Hillary Clinton made a deplorable basket case this weekend. That is, she made the case that "half" of the supporters of Donald Trump belong in a "basket of deplorables." It just sounds funnier to say it the first way, that's all.
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Republican presidential nominee Donald Trump speaks at a campaign rally in Asheville, North Carolina, U.S., September 12, 2016. REUTERS/Mike Segar
Republican presidential nominee Donald Trump speaks at a campaign rally in Asheville, North Carolina, U.S., September 12, 2016. REUTERS/Mike Segar

Hillary Clinton made a deplorable basket case this weekend. That is, she made the case that "half" of the supporters of Donald Trump belong in a "basket of deplorables." It just sounds funnier to say it the first way, that's all.

Kidding aside, though, while the language Clinton used is being criticized, the point she was making was worth a little political risk. She walked part of her comment back almost immediately, saying she was wrong to use the word "half" -- but not wrong to call some Trump supporters "deplorables." Which means she's definitely trying to accomplish some political goal by saying such a provocative thing. Indeed, she's used the basket metaphor more than once (she only said "half" once).

This is a risky tactic, to state the obvious. Clinton's language breaks two cardinal rules for politicians, in fact, which exist because the risk is so plain to see. First, there are two types of politicians in the world: those who split people into two groups, and those who don't. This is a snarky way of saying: "Don't use 'two types of people' metaphors on the campaign trail." It is simplistic to do so, first and foremost, but it also shows a certain "us and them" divisiveness that turns off many voters. Especially paired with a word like "irredeemable," which is rather pessimistic (another thing voters don't usually respond well to).

The second cardinal rule of politics Clinton is breaking by wandering down this particular path is: "Don't talk about your opponent's supporters, because it usually doesn't help you at all." There are two other prime examples of this which many have been pointing out this weekend, and which are worth quoting in full. The first came from Mitt Romney:

There are 47 percent of the people who will vote for the president no matter what. All right, there are 47 percent who are with him, who are dependent upon government, who believe that they are victims, who believe the government has a responsibility to care for them, who believe that they are entitled to health care, to food, to housing, to you name it. That that's an entitlement. And the government should give it to them. And they will vote for this president no matter what.... These are people who pay no income tax... my job is not to worry about those people. I'll never convince them they should take personal responsibility and care for their lives.

The second was uttered by Barack Obama on the 2008 campaign trail:

You go into some of these small towns in Pennsylvania, and like a lot of small towns in the Midwest, the jobs have been gone now for 25 years and nothing's replaced them. And they fell through the Clinton administration, and the Bush administration, and each successive administration has said that somehow these communities are going to regenerate and they have not. And it's not surprising then they get bitter, they cling to guns or religion or antipathy to people who aren't like them or anti-immigrant sentiment or anti-trade sentiment as a way to explain their frustrations.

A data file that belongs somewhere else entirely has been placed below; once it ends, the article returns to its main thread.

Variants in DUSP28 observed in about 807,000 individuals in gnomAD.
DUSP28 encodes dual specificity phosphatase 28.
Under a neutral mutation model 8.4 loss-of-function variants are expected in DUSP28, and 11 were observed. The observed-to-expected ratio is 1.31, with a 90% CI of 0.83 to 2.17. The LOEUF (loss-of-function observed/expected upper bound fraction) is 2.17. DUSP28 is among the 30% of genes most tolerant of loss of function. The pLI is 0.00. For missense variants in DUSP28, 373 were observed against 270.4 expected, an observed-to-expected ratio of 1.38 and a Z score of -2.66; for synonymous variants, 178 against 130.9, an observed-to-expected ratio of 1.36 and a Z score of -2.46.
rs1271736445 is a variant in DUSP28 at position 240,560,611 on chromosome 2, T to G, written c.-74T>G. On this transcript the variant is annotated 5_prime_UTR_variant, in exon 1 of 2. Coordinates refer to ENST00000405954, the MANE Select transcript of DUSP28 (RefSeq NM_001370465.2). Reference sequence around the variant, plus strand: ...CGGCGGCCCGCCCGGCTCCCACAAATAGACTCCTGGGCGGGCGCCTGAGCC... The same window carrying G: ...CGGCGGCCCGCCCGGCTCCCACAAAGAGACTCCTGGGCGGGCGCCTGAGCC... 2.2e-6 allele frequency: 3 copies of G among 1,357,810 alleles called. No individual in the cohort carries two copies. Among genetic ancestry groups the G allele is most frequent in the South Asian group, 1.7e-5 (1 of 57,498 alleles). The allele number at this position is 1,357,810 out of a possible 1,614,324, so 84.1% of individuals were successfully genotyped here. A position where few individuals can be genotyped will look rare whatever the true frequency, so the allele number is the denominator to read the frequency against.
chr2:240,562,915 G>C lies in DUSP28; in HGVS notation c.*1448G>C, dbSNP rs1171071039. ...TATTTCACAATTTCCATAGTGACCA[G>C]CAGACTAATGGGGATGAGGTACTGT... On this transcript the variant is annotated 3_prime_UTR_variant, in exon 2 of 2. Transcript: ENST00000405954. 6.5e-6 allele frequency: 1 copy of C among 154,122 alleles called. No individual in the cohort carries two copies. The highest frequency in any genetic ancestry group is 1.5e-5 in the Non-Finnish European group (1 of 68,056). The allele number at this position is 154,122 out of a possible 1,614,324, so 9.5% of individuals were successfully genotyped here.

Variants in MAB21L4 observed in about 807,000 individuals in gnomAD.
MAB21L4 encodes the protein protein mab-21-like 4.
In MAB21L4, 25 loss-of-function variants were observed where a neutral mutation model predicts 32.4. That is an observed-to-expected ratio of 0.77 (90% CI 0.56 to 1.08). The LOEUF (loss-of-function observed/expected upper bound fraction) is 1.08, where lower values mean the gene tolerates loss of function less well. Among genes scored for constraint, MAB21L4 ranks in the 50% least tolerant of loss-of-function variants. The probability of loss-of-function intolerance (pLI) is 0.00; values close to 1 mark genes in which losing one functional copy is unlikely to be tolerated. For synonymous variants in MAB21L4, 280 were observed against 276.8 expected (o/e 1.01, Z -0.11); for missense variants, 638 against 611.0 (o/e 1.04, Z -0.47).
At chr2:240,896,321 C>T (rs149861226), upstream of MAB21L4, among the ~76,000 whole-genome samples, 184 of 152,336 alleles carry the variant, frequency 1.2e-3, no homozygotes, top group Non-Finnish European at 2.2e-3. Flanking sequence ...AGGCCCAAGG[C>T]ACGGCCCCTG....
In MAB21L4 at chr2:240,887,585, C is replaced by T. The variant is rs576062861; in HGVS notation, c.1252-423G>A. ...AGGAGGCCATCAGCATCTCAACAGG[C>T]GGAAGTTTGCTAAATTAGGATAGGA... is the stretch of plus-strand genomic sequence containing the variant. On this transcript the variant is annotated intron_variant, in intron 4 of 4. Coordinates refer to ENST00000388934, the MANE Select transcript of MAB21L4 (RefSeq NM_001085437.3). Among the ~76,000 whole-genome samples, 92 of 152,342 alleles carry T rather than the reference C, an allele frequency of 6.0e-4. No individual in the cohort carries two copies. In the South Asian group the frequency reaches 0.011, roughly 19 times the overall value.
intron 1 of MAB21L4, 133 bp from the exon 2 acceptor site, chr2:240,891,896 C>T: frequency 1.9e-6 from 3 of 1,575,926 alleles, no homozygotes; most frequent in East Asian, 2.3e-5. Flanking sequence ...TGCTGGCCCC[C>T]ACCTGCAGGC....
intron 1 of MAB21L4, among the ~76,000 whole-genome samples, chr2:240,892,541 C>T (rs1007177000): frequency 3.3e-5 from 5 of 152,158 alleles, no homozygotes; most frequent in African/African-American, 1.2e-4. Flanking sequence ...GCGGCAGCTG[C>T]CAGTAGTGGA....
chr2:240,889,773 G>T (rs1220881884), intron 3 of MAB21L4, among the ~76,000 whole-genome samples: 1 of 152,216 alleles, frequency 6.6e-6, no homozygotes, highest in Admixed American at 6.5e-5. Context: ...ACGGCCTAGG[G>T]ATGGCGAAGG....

Both showed elitist disdain for a large portion of the country's voters. Obama overcame this comment and went on to win. Romney did not. Interestingly enough, Obama's quote could now be updated with "...and they also fell through the Obama administration." Even Obama didn't have any magic wand to wave to make the problem of disappearing manufacturing jobs go away, in other words. The other interesting thing about his quote is that Obama was describing people who are now most likely Trump voters. If you take out the "cling to guns or religion" part of that last sentence, it's a perfect description of Trump's entire campaign, in fact.

Even so, Hillary Clinton is risking a backlash by not only talking about her opponent's supporters, but by also dividing them into two "baskets" -- redeemable and irredeemable. The initial outcry from the right over her statements has been kind of laughable, since (after all) Donald Trump rose to power by "not being PC" and "telling it like it is." Clinton just did that, and now they're shaking at the knees? Please.

At heart, Clinton is entirely correct. Some of Donald Trump's supporters are deplorable. Clinton noun-ized their status into a new political term (that is also causing some merriment online): "The Deplorables." She apologized for saying "half" -- a mistake she won't make again -- but whatever the actual fraction, Trump has indeed energized the alt-right and anti-immigrant communities throughout the entire election cycle. Far from denouncing their support, Trump hired the head of Breitbart (an alt-right site) to run his campaign. Clinton has every right to call him out on this.

Whether doing so is a good political tactic still remains to be seen. Clinton's comment is part of her larger campaign strategy, which is to make Trump an absolutely unacceptable choice to the largest possible number of voters. Part of this means confronting reasonable and moderate Republican voters with the ugliness of a large part of the Republican base. Xenophobia isn't exactly a new thing, in other words -- Republicans have long used "dog whistle" language to court such voters, in fact. Trump is just doing so right out in the open, that's the only real difference. But a portion of the Republican electorate has, up until now, convinced itself that there simply aren't any bigots within their own party, and that their conservative policies are the real answer to all the racial problems which still exist. That's what they have believed for a long time, and Clinton is rubbing their face in the fact that a portion of the Republican base actually does believe some pretty odious things. This has been most shocking to the Establishment Republicans and the conservative punditocracy, two groups known for staying mostly within their Beltway and New York City circles and not getting out to flyover country much at all. These folks' attitudes, pre-Trump, might be summed up as: "Well, I've certainly never met any bigoted Republicans in the cocktail parties I go to!"